Learning to Speak, Speaking to Learn


Classrooms right across our country are filled with the sounds of children engaged in structured and thoughtful talk. Educators realize that talking not only helps to develop their students’ literacy skills but it is also a critical part of learning in all subject areas. Various types of talk (structured partner talk, social conversation, drama or role-playing talk, rehearsed presentations, etc.) can be utilized in the classroom depending on the targeted goals, the content area, the activity, and the age and experience of the children.

The following activity provides a unique opportunity for students to speak in front of an audience with the benefit of planning and rehearsing ahead of time. “News Clues” is a popular assignment amongst younger students and is a springboard for several extension activities.


Setting the Criteria for Speaking and Listening

The first step in establishing the ground rules for News Clues, or any kind of structured talk, is to develop the criteria for what the speaker’s and the listener’s roles will be. We practise speaking for several weeks before starting the News Clues routine. The criteria may look something like this.

  • speak clearly
  • speak with appropriate volume
  • speak with expression
  • hold their bodies still (no fidgeting)
  • face the audience
  • are accurate
  • acknowledge their structured talking partner when needed

On the inside

  • make connections
  • ask questions
  • visualize
  • make inferences
  • sometimes get new thoughts or ideas
  • summarize
  • remember important details

On the outside

  • make eye contact with the speaker
  • face the speaker
  • use appropriate body language
  • say something appropriate: ask a question, compliment or agree with the speaker

Setting the Criteria for News Clues

News Clues is a weekly homework assignment that requires each child to choose an item from home to share with the class. The item is to stay hidden from view as the child reads three clues s/he has prepared in advance. The clues are printed in a half and half notebook that is dedicated to this assignment. A picture of the item is to be drawn, labeled and coloured on the blank half of the page.

The criteria for this part of the assignment is typed up and pasted into the front cover of the notebook for the student and the parent/caregiver to refer to.

Your News Clues Day is ____________________________________________

Choose an item and put it in a bag to bring to school on your News Clues Day. Remember to keep it a secret so that your friends can try to guess what it is. You may choose:

  1. Something from nature.
  2. Something that you made.
  3. A painting or a drawing that you made yourself.
  4. Something to do with our classroom theme.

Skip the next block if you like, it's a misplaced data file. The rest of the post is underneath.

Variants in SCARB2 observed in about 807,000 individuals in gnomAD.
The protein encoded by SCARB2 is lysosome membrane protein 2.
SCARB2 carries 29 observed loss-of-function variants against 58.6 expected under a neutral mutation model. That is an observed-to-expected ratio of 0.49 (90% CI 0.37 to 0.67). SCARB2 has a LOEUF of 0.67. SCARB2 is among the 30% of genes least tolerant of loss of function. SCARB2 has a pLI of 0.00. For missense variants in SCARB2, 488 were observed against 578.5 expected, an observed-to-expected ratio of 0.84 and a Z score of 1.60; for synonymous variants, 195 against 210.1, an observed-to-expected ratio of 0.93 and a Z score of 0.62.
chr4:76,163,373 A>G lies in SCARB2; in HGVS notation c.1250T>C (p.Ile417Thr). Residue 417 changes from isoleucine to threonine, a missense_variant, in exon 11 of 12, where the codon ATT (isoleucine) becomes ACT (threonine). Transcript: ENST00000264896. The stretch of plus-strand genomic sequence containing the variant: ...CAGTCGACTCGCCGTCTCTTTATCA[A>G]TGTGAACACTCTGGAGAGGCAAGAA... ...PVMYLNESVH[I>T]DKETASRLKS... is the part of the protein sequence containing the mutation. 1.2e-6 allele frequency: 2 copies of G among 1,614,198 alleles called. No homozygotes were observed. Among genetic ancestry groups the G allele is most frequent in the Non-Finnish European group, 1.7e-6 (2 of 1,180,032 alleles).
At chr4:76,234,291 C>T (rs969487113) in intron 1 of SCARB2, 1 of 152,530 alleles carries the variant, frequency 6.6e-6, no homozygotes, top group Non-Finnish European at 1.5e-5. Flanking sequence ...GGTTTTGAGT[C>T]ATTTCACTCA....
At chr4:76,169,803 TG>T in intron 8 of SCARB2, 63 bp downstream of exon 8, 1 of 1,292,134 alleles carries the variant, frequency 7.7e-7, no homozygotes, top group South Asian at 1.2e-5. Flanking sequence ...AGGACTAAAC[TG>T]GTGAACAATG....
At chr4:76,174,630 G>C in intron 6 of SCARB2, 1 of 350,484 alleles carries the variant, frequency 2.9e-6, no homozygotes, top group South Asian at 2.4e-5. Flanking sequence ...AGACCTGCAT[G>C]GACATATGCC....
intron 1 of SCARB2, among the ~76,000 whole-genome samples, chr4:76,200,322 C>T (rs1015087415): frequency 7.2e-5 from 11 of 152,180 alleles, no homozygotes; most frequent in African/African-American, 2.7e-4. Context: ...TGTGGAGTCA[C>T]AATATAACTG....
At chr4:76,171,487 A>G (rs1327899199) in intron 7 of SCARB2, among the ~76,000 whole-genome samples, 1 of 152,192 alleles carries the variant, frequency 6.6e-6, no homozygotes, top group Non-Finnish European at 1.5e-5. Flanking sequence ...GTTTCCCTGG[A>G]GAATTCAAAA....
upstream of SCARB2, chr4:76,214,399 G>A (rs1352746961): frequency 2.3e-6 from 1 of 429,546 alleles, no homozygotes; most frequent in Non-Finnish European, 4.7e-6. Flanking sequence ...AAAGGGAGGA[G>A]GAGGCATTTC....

5. You may bring a toy, or something that is special to you, the week after the Christmas break or the week of your birthday.

Neatly print the date on the second blue line on a page in this notebook. Print three clues that tell about your item. Make sure that you use complete sentences. Print the answer to your clues at the bottom of the page. Draw, label and colour the picture in the blank space at the top of the paper. Finally, make sure that your parent signs the page before you put the book into the plastic bag to bring back to school.

Modelling the News Clues Routine

For several weeks before the students begin presenting their own News Clues, I model the routine for them. As the presentations happen during the lunch break I wait for them to settle with their lunches and to direct their attention to me (we call this “waiting for the audience”). Once the focus is attained, I lead off with “Good morning Division __ I have three clues for you today. The first one is…The second one is… The third one is… Hands up if you have a guess.” A total of three guesses is allowed before the item is revealed and put on display. During the time that I am modeling the routines I include items from each of the five categories listed in the criteria.

Establishing the News Clues Routine

The week before the students begin their own presentations, I give them their News Clues Books. We choose an item from the classroom and practise the written format together. Each child is then assigned a day of the week to make a presentation and they are ready to begin!

Extension Activities

Tallies and Graphs

An easy way to keep the students focused on the criteria for choosing an item is to tally and graph the items. We keep a piece of chart paper with the following headings pinned to the bulletin board: something from nature, something from our theme, something I made, Christmas and birthdays. As the students finish their presentations they place a tally mark on the chart under the correct heading (sometimes an item will fit more than one). At the end of each week a circle or bar graph could be made from the data.

Museum Collection

Many of the items the children bring (calendars, models, posters, postcards, stuffed toys, pictures, T-shirts, books, games, puzzles, etc.) connect to the current theme we are working on. Setting up a display area for these items provides an extra point of interest.


Brenda Boreham
Brenda has been teaching for over 30 years. She uses literature based themes in her classroom and is actively involved in her school and district literacy committees.

This article is from Canadian Teacher Magazine’s May/June 2011 issue.

You may also like